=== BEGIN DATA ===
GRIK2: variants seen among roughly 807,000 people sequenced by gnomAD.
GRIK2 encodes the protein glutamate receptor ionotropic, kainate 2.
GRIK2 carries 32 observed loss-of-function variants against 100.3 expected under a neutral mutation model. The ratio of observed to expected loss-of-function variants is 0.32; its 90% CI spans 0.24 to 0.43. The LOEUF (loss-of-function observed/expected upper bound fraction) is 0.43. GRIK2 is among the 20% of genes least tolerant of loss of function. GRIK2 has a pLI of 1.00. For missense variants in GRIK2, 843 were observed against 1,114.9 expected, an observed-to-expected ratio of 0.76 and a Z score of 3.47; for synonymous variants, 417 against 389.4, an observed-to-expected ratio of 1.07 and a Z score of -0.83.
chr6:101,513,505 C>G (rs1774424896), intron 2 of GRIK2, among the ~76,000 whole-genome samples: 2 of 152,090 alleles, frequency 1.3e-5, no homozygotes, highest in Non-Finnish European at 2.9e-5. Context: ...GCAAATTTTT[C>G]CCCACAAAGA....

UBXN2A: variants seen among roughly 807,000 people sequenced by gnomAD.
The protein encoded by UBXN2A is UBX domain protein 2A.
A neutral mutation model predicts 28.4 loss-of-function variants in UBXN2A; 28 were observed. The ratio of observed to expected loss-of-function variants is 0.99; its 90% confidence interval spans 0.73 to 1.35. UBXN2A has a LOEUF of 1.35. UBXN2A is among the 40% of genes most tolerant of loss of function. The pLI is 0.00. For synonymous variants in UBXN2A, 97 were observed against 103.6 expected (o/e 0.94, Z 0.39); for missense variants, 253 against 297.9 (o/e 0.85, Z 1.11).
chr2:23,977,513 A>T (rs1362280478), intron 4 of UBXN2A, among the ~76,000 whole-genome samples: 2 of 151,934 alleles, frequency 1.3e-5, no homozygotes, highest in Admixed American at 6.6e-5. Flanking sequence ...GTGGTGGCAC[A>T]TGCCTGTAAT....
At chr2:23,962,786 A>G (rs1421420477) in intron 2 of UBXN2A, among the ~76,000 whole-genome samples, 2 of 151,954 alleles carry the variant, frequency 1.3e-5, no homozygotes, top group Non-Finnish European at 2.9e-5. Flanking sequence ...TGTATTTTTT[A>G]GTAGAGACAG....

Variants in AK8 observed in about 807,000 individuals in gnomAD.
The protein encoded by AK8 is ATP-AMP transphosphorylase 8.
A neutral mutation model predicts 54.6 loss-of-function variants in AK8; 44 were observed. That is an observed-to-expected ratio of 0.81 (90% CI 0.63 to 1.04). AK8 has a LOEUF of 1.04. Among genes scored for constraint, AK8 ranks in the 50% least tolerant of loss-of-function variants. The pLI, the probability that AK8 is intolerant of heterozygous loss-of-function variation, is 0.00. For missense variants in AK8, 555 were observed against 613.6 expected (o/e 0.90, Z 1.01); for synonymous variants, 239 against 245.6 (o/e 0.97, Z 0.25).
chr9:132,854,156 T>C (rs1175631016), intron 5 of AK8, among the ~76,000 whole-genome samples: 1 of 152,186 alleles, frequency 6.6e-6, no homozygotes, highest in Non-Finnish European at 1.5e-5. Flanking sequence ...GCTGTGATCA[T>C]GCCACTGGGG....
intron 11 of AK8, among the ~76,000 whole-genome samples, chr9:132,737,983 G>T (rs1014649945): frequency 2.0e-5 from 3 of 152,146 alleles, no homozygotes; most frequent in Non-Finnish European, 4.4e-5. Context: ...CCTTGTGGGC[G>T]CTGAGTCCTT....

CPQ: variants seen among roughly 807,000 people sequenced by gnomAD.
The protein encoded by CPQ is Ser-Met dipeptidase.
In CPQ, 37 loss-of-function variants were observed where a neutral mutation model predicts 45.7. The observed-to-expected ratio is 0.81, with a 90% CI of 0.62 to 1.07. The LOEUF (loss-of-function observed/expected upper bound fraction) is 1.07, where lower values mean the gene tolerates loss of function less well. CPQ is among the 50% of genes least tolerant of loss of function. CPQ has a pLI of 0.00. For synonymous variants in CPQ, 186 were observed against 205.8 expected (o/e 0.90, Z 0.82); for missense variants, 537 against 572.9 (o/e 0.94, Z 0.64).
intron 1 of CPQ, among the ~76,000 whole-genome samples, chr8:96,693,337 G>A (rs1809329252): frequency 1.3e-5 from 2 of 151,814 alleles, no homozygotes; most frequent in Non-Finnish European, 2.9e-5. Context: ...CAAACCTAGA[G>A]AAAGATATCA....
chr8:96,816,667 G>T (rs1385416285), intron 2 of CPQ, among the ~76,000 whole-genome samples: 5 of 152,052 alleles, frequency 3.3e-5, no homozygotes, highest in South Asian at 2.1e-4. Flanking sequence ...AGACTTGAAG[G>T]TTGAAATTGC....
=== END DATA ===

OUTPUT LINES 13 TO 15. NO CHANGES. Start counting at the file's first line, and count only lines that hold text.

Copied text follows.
chr9:132,854,156 T>C (rs1175631016), intron 5 of AK8, among the ~76,000 whole-genome samples: 1 of 152,186 alleles, frequency 6.6e-6, no homozygotes, highest in Non-Finnish European at 1.5e-5. Flanking sequence ...GCTGTGATCA[T>C]GCCACTGGGG....
intron 11 of AK8, among the ~76,000 whole-genome samples, chr9:132,737,983 G>T (rs1014649945): frequency 2.0e-5 from 3 of 152,146 alleles, no homozygotes; most frequent in Non-Finnish European, 4.4e-5. Context: ...CCTTGTGGGC[G>T]CTGAGTCCTT....

CPQ: variants seen among roughly 807,000 people sequenced by gnomAD.